Are You Afraid of Yolks?
Good Morning! I hope everyone had a great 4th! This morning’s post was unplanned – but I thought of it while devouring a runny egg on toast with my breakfast. I’ve always found the debate on eggs to be interesting because they’re packed with so much nutrition and yet there’s always been a huge “fear factor” about the amount of cholesterol that’s in the yolk. Poor eggs…they’ve gotten such a bad rap in the past, and yet now, especially as I hear more people going ‘Paleo,’ eggs are making a comeback. Well…they were never all that bad for you to begin with, especially (as with anything) when eaten in moderation as part of a healthy diet (blah, blah, blah,…I know – we’ve all heard it before :)) Well – I’m not going to go into a long, lengthy discussion on eggs, but I thought it might be interesting to know exactly what’s in the white and the yolk, and what makes the yolk so nutritious.
1 large egg contains about 70 calories and 6 g protein. Here’s a website that breaks down exactly what nutrients are in the white and the yolk:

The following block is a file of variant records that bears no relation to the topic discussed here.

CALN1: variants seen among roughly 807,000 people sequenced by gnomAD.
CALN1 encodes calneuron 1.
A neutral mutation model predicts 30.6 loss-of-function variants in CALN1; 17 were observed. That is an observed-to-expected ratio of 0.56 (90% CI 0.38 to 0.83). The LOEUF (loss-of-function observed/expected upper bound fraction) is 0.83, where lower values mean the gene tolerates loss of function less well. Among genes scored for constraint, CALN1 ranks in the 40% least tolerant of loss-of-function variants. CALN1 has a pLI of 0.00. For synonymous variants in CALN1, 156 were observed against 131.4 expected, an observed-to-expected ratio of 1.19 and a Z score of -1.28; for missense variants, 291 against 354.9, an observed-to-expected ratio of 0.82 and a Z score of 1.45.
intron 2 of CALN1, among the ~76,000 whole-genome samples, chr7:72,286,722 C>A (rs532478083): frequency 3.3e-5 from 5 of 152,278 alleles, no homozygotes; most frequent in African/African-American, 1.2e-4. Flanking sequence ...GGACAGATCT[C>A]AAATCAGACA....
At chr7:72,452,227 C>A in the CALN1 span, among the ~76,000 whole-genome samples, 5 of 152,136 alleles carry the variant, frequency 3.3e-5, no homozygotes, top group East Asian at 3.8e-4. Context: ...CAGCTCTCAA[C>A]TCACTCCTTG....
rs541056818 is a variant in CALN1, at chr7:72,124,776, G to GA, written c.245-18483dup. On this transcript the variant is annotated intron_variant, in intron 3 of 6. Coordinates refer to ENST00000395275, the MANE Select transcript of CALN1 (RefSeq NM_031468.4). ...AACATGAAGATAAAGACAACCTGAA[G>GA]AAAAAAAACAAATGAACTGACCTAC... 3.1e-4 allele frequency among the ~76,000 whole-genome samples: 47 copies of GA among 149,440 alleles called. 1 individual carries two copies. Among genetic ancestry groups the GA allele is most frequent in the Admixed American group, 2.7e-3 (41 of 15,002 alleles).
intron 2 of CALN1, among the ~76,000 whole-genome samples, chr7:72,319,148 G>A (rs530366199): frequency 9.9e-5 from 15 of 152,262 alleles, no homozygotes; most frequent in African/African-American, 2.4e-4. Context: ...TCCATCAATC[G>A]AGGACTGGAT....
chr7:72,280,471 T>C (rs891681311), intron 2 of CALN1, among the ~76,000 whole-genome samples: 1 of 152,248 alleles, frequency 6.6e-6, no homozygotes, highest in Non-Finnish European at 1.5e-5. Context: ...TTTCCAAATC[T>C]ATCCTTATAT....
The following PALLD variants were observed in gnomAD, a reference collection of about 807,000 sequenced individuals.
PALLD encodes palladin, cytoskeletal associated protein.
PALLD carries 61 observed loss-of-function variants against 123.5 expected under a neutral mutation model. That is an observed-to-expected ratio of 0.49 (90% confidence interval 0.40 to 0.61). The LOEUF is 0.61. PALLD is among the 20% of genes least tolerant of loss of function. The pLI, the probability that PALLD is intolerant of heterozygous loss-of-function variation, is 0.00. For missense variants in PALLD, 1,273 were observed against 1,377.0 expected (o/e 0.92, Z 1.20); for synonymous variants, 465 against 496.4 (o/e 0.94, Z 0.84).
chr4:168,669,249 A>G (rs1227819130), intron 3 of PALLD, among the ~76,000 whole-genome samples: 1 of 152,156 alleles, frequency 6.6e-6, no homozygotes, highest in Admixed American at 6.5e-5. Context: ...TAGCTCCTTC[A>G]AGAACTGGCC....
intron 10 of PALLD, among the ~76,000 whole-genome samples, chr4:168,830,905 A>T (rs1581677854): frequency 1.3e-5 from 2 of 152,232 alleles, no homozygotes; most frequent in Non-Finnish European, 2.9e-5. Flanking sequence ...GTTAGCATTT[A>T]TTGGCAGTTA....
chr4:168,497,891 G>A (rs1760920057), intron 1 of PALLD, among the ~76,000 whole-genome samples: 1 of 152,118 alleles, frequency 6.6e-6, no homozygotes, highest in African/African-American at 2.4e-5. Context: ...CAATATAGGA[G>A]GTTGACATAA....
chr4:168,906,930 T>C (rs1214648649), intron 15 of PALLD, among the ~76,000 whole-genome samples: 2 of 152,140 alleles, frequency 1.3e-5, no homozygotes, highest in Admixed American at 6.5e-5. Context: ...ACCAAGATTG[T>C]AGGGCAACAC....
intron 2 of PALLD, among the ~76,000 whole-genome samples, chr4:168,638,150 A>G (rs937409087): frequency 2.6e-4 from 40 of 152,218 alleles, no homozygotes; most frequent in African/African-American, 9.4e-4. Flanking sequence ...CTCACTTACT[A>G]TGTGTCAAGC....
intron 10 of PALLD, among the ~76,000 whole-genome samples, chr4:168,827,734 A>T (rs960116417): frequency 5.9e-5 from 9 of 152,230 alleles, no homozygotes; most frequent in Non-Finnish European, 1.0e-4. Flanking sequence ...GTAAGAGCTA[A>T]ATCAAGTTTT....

Egg Whites: Contain just over 50% of the total protein in a large egg (3.6g vs 2.7g in the yolk). The whites also contain more magnesium, potassium and sodium, niacin and just under 50% of the total selenium in a large egg.
Egg Yolks: Contain most of the calcium, iron, phosphorus, copper, zinc, manganese, selenium, thiamin, riboflavin, pantothenic acid (a B vitamin), vitamin B6, B12, Folate (95% of the total amount in the egg!),the fat soluble vitamins A, D, E and K, essential fatty acids (DHA) and carotenoids (like beta-carotene which is essential for good eye health). The yolk also has 215mg of cholesterol – but that’s only a fraction of the cholesterol that your body produces on its own (and besides, cholesterol is essential for the maintenance of cell membranes – it provides structure to them, and is also important for the production of hormones)
So bottom line: Eat the whole egg, or even two on the odd occasion. I have a whole egg on most days of the week, plus a couple of egg whites as part of breakfast (or lunch sometimes). I buy organic eggs – yes they’re more expensive, but I like to know that the eggs I eat are coming from hens that are treated fairly and ethically. And FYI – brown eggs are no more or less nutritious than white eggs – they just come from different hens…
Have an egg-cellent day (cheesy I know – but I couldn’t help it! 😉